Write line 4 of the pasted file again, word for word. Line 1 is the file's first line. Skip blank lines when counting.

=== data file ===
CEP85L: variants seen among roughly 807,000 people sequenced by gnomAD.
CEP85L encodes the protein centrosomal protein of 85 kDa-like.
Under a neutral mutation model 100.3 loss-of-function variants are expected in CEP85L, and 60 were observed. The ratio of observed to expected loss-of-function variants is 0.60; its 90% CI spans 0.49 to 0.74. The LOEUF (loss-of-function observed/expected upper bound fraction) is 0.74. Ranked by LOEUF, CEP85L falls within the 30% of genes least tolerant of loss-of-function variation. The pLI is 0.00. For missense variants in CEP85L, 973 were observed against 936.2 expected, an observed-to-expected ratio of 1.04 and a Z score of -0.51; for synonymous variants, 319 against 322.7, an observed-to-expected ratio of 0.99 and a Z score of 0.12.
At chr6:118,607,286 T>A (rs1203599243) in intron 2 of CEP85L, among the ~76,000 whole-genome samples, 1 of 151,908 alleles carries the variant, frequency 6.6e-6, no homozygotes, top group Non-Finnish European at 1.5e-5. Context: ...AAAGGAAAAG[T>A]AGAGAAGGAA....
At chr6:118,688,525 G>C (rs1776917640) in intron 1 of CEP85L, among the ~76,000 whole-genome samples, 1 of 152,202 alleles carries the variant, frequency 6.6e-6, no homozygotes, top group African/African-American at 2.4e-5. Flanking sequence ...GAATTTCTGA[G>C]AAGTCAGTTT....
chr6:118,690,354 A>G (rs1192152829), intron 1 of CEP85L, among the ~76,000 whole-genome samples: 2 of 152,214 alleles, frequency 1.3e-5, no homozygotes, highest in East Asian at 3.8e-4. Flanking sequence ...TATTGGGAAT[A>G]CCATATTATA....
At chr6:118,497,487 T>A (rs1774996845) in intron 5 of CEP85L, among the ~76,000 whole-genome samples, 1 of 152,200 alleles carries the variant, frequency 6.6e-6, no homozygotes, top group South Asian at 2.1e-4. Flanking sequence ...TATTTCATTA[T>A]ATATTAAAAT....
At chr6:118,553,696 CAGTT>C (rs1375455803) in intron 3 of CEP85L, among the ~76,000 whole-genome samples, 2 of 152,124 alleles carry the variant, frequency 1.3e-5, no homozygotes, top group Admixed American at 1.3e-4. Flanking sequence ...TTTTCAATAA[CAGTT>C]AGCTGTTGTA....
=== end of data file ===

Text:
At chr6:118,607,286 T>A (rs1203599243) in intron 2 of CEP85L, among the ~76,000 whole-genome samples, 1 of 151,908 alleles carries the variant, frequency 6.6e-6, no homozygotes, top group Non-Finnish European at 1.5e-5. Context: ...AAAGGAAAAG[T>A]AGAGAAGGAA....